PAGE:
Tuesday, October 18, 2011

cherish every line

I see them every day,
       take their orders,
   hold my hand out for their money,
           try to remember to smile and can you speak up, deah?

Many of them wear hats
          baseball caps,
               messenger caps,
            various other types.
    They always take them off before they sit at their tables.

I always want to cry,
     watching their careful counts of the coins,
    holding my steady hand under their shaking ones as they drop the coins in my palm,
         trying to deflect the crankiness with a flashing smile.

   They look at me
     (usually up—age tends to hunch)
        and most of them smile.
 Those smiles, they break my heart more than the shaking hands,
       or the grumpiness.

When the old men smile,

    I can see who they used to be.

When the old men smile,

  I can see the young ladies they wooed,
     convinced to become the new missuses,
       for whom they bought diamonds and groceries,
                          and built houses;
   who became the mothers of vibrant families;
           who were faithful wives through peace times and war,
                         through absence and presence;
    girls who became women
             because they were loved by the right kind of men.

When the old men smile,

      I can see the families they fathered,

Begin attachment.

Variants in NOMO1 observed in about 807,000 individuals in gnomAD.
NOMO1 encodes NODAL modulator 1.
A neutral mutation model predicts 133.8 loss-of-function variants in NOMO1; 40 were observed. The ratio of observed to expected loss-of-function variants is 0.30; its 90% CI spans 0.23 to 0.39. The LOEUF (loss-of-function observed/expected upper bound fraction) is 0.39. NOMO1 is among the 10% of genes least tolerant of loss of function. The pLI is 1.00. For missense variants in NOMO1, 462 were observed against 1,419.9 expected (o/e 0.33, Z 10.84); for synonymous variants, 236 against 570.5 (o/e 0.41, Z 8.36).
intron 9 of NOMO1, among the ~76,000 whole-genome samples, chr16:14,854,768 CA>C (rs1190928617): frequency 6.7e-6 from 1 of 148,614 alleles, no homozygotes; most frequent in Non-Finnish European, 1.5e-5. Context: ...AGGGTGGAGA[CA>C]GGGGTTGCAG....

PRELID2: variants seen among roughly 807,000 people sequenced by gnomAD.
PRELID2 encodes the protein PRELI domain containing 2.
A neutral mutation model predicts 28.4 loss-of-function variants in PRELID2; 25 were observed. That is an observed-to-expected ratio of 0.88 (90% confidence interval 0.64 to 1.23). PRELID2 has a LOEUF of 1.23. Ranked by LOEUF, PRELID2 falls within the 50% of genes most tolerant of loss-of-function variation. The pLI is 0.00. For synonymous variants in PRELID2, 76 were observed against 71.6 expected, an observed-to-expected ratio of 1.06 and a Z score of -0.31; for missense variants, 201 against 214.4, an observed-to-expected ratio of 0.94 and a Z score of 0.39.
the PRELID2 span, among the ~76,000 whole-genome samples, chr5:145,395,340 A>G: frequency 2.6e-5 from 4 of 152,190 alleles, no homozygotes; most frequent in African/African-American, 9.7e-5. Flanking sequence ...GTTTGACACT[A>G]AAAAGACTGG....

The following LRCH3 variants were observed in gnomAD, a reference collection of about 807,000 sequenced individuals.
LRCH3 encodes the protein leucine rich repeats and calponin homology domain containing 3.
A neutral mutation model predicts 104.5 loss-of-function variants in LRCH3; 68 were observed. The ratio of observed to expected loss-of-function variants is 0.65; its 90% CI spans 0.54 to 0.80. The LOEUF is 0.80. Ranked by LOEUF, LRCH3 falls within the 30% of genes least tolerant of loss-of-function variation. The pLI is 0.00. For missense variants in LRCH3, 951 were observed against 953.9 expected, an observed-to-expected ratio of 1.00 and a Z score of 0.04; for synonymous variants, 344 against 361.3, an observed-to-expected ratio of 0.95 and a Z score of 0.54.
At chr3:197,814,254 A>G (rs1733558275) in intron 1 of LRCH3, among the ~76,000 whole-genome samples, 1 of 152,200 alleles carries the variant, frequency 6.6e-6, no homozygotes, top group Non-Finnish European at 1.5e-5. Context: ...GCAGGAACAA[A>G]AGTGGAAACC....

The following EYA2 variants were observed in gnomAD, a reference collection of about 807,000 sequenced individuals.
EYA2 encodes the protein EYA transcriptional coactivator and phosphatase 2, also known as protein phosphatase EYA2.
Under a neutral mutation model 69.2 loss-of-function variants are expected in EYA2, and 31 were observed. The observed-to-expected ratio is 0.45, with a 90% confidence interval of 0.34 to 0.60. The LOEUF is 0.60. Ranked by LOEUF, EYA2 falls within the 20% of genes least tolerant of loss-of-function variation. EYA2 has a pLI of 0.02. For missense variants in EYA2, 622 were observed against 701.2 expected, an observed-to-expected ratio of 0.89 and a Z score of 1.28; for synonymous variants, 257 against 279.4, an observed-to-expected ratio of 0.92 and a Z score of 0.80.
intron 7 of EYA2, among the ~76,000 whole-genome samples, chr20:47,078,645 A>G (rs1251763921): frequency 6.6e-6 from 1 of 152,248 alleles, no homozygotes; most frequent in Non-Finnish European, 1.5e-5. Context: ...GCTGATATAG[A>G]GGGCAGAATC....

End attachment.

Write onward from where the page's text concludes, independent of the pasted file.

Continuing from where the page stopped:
the laughing children,
          the teenage-years' tension,
                 the peace of university and afterward,
            the secret tears at giving away their little girls,
                     the aching pride at seeing their sons become men,
        the delight of grandbabies.

When the old men smile,

     I can see their old strength,
         how they used to heave whole walls up onto their shoulders,
      carry toolboxes and milk crates and hay bales like they were nothing,
              rebuild car engines in astoundingly short time,
          orchestrate big plans and big people,
                   move and shake the entire world,
  rip out the old to make room for the new.

Now they are the old.

   I wonder if it bewilders them,

           this losing of strength, power, influence, energy.
      I wonder if they feel small,

               with their crumpled hands and rounded spines,
            if their physical stature contributes to their timidity, 
                 or if old-age hearing makes them unsure.
I wonder if they begin to wonder who they really are.
     I wonder if anyone ever told them
               you are amazing,
                       and not just because of what you do
                  but because of who you are.
   I wonder if they know just how valuable they are,
             not just to their families,
       but to the world,
            to God Himself.

When the old men smile,

         I can glimpse something worth living and dying for,
      something beautiful,
                    something precious,
                         something incredibly rare.

When the old men smile,

            I see past the wrinkles, the gray hair, the bifocals, the canes,
         and I just see good men . . .


  1. Oh...I wish they could all read this!


  2. I really like this. Well done :)